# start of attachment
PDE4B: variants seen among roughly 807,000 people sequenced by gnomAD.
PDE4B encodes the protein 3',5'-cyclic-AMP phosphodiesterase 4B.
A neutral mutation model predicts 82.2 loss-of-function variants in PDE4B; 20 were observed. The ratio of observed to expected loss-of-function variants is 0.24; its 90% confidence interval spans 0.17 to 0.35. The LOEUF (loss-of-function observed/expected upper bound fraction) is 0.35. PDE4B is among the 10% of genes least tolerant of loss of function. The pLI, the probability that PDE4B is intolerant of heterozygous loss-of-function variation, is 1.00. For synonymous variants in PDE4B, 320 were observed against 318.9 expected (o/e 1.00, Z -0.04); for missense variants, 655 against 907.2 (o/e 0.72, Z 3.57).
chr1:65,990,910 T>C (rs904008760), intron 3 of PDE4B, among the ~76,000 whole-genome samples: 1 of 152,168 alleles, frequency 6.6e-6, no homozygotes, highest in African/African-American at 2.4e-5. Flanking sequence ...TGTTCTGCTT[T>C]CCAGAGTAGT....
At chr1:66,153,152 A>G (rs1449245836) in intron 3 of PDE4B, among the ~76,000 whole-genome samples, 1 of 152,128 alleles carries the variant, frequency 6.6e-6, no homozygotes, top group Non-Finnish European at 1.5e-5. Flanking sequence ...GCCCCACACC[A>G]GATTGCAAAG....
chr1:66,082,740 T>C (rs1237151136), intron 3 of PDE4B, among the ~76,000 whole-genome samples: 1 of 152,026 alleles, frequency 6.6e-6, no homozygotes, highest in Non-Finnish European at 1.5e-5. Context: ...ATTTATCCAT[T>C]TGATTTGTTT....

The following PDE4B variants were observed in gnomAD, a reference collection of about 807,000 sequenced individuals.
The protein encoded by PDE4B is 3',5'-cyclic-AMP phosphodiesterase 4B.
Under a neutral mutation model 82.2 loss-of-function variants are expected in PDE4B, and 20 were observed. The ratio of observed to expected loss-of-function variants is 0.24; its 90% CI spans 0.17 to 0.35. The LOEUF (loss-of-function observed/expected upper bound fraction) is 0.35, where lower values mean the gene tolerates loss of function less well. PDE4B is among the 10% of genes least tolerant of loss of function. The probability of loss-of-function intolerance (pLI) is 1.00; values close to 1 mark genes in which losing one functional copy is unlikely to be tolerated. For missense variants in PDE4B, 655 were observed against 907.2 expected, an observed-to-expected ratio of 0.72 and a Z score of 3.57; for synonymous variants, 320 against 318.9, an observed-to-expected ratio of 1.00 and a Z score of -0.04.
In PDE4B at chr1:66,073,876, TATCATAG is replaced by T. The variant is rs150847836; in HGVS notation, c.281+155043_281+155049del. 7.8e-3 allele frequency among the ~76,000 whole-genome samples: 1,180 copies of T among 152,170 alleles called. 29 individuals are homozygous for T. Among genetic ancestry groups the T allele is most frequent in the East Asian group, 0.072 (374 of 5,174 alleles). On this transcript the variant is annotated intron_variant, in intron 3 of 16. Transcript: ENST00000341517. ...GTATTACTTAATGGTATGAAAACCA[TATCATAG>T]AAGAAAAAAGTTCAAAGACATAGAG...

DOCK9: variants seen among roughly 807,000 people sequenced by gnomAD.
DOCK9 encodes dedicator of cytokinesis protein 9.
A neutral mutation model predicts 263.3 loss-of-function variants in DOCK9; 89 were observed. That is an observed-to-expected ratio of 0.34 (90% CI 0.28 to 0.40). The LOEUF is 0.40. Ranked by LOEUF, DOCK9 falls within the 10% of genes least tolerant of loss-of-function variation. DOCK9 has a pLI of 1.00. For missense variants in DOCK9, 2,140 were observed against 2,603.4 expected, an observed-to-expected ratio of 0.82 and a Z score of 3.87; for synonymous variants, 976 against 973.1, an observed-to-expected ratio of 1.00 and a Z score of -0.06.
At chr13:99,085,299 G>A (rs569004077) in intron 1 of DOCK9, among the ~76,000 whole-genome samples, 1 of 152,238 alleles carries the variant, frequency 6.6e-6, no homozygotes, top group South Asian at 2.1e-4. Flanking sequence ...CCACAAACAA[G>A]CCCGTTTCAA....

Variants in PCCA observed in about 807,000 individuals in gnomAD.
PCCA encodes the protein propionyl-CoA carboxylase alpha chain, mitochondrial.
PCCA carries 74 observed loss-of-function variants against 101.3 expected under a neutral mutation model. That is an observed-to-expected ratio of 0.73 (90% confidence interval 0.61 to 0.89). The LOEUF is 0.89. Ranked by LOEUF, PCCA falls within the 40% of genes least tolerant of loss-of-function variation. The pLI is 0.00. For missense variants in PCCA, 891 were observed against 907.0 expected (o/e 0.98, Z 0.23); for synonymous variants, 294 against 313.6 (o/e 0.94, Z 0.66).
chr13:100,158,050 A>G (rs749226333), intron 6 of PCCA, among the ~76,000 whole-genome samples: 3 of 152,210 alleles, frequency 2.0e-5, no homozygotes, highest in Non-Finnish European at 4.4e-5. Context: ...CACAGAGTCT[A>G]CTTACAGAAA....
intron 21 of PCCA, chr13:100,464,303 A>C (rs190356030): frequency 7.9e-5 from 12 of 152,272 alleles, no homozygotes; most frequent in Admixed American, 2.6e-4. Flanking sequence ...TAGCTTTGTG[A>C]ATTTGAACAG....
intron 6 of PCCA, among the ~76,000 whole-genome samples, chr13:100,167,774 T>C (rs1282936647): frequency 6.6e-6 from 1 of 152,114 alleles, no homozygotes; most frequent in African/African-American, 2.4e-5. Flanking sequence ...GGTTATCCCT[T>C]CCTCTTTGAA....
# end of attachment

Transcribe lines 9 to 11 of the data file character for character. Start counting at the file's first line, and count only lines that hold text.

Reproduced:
Under a neutral mutation model 82.2 loss-of-function variants are expected in PDE4B, and 20 were observed. The ratio of observed to expected loss-of-function variants is 0.24; its 90% CI spans 0.17 to 0.35. The LOEUF (loss-of-function observed/expected upper bound fraction) is 0.35, where lower values mean the gene tolerates loss of function less well. PDE4B is among the 10% of genes least tolerant of loss of function. The probability of loss-of-function intolerance (pLI) is 1.00; values close to 1 mark genes in which losing one functional copy is unlikely to be tolerated. For missense variants in PDE4B, 655 were observed against 907.2 expected, an observed-to-expected ratio of 0.72 and a Z score of 3.57; for synonymous variants, 320 against 318.9, an observed-to-expected ratio of 1.00 and a Z score of -0.04.
In PDE4B at chr1:66,073,876, TATCATAG is replaced by T. The variant is rs150847836; in HGVS notation, c.281+155043_281+155049del. 7.8e-3 allele frequency among the ~76,000 whole-genome samples: 1,180 copies of T among 152,170 alleles called. 29 individuals are homozygous for T. Among genetic ancestry groups the T allele is most frequent in the East Asian group, 0.072 (374 of 5,174 alleles). On this transcript the variant is annotated intron_variant, in intron 3 of 16. Transcript: ENST00000341517. ...GTATTACTTAATGGTATGAAAACCA[TATCATAG>T]AAGAAAAAAGTTCAAAGACATAGAG...

DOCK9: variants seen among roughly 807,000 people sequenced by gnomAD.